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Tuesday, January 16, 2018

Sealift Ship News

GE Marine Engines Power Final Sealift Ship

GE Marine Engines’ LM2500 aeroderivative gas turbines and main reduction gears power the eighth and final Strategic Sealift ship, the USNS Soderman, recently launched by National Steel and Shipbuilding Company (NASSCO). “GE is proud to have supplied the engines, gears and automation systems for the eighth Sealift ship. This brings the total number of U.S. Navy ships fitted with GE’s gas turbines to 192,” said Karl Matson, General Manager of GE Marine Engines. “Our engines continue to provide the Navy with outstanding reliability, logging over 7.5 million operating hours in service for our country,” Matson added. Two GE LM2500s are used on each gas turbine-powered Sealift vessel. The gas turbines offer 32,000 horsepower -- a special rating for the Sealift operating profile.

Sealift Ships Transfer to Ready Reserve Force

As of October 1, 2008, eight Fast Sealift Ships officially became part of the Maritime Administration’s Ready Reserve Force. While custody of the eight ships (Algol, Altair, Antares, Bellatrix, Capella, Denebola, Pollux, and Regulus) was transferred from the U.S. Navy’s Military Sealift Command to the Maritime Administration on October 1, 2007, the title was only transferred as of the beginning of Fiscal Year 2009. Fast Sealift Ships are currently the fastest cargo ships in the world, capable of speeds in excess of 30 knots (56 km/h\). The ships are capable of sailing from the U.S. East Coast to Europe in just six days and to the Persian Gulf via the in only 18 days, thus ensuring rapid delivery of military equipment in any crisis.

Fast Sealift Ships to Join RRF

Eight Fast Sealift Ships are being transferred from the U.S. Navy’s Military Sealift Command to the Department of Transportation’s Maritime Administration. Fast Sealift Ships are currently the fastest cargo ships in the world, capable of speeds in excess of 30 knots. They are capable of sailing from the U.S. East Coast to Europe in just six days and to the Persian Gulf via the Suez Canal in 18 days, thus ensuring rapid delivery of military equipment in a crisis. Combined, all eight Fast Sealift Ships can carry nearly all the equipment needed to outfit a full Army mechanized division. “These ships will greatly enhance the capability of the Ready Reserve Force to support the U.S. Armed Forces,” said Maritime Administrator Sean T. Connaughton. Custody of the U.S.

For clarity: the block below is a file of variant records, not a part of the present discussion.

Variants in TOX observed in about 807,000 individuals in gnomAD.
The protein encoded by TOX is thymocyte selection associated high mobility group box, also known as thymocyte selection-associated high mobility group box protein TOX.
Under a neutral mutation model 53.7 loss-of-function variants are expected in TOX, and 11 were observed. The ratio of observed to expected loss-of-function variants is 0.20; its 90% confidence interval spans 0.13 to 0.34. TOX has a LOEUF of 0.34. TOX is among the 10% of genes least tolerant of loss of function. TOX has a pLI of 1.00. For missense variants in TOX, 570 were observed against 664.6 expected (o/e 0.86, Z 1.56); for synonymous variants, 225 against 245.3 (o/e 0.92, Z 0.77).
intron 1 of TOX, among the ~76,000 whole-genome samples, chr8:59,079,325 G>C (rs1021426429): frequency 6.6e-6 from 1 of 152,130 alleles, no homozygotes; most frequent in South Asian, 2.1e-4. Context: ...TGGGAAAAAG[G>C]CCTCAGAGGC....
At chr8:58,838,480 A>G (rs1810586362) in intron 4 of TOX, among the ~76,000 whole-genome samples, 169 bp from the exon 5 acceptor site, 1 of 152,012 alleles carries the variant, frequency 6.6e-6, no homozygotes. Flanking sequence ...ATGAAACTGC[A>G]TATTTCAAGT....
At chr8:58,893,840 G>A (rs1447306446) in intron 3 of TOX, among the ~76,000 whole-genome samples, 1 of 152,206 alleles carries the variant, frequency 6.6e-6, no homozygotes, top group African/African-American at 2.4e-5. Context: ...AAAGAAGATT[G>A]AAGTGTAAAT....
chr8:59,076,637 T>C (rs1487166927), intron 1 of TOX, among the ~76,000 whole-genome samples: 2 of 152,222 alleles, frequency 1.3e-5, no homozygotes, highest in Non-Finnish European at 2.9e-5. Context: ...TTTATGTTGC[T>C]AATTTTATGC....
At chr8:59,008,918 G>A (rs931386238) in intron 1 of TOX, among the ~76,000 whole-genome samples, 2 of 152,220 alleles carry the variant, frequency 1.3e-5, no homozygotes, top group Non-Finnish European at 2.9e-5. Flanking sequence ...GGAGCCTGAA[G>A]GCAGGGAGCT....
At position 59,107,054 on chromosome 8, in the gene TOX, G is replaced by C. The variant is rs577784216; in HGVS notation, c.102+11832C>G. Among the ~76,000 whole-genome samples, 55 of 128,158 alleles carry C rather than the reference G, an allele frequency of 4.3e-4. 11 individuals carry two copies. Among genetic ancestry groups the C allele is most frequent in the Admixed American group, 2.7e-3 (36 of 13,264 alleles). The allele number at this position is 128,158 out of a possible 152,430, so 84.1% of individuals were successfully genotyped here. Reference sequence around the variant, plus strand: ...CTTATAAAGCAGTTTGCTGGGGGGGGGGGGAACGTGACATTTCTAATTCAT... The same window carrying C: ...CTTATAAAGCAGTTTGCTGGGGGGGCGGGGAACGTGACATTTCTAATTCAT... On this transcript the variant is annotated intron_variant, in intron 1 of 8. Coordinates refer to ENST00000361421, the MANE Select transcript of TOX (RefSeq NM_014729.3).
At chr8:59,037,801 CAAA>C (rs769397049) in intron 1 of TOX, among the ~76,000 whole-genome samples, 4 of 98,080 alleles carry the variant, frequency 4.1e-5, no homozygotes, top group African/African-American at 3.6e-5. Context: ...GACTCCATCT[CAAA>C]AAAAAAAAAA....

Litton Delivers Sealift Ship Ahead of Schedule

USNS MENDONCA (T-AKR 303), the fourth of seven BOB HOPE Class Strategic Sealift ships being built by Litton Avondale Industries was delivered to the U.S. Navy on January 30, 2001, ahead of schedule. MENDONCA and her sister ships of the class are designed to support the nation's ability to deploy military equipment and supplies quickly to U.S. troops around the world and provide pre-positioning and surge sealift capacity to contingency areas worldwide. The 950-ft.-long, large, medium-speed, RoRo (LMSR) ships of the BOB HOPE Class are among the largest in the Navy fleet. "A remarkable team has developed among the New Orleans Supervisor of Shipbuilding…

CSC Wins $25 Million U.S. Navy Order

Computer Sciences Corporation has won a task order from the U.S. Navy to continue its support of the Navy's Strategic Sealift program, including support for the completion and delivery of two new Large Medium-Speed Roll-On/Roll-Off (LMSR) supply ships. The task order, awarded under a contract CSC initially won with the Naval Sea Systems Command (NAVSEA) in 1991, is valued at $25 million if all options are exercised over a three-year period. The company will provide engineering and design facilities as well as professional and engineering services to support the culmination of the decade-long acquisition program for Strategic Sealift supply ships.

NASSCO Launches the USNS Soderman

National Steel and Shipbuilding Company (NASSCO), a wholly owned subsidiary of General Dynamics, has joined with the U.S. Navy and the U.S. Army to launch the USNS Soderman (T-AKR 317), the eighth and final Strategic Sealift ship to be built for the Navy by NASSCO. At a length of 950 ft. and with a beam of 105 ft., the strategic sealift ships are the largest ships ever launched down a sliding ways in the United States and the largest ships that can fit through the Panama Canal. The nighttime launch of the Soderman took place at 9:20 p.m., as the ship was released from its inclined building ways into San Diego Bay, accompanied by a cheering crowd of NASSCO employees and spectators and a fireworks display.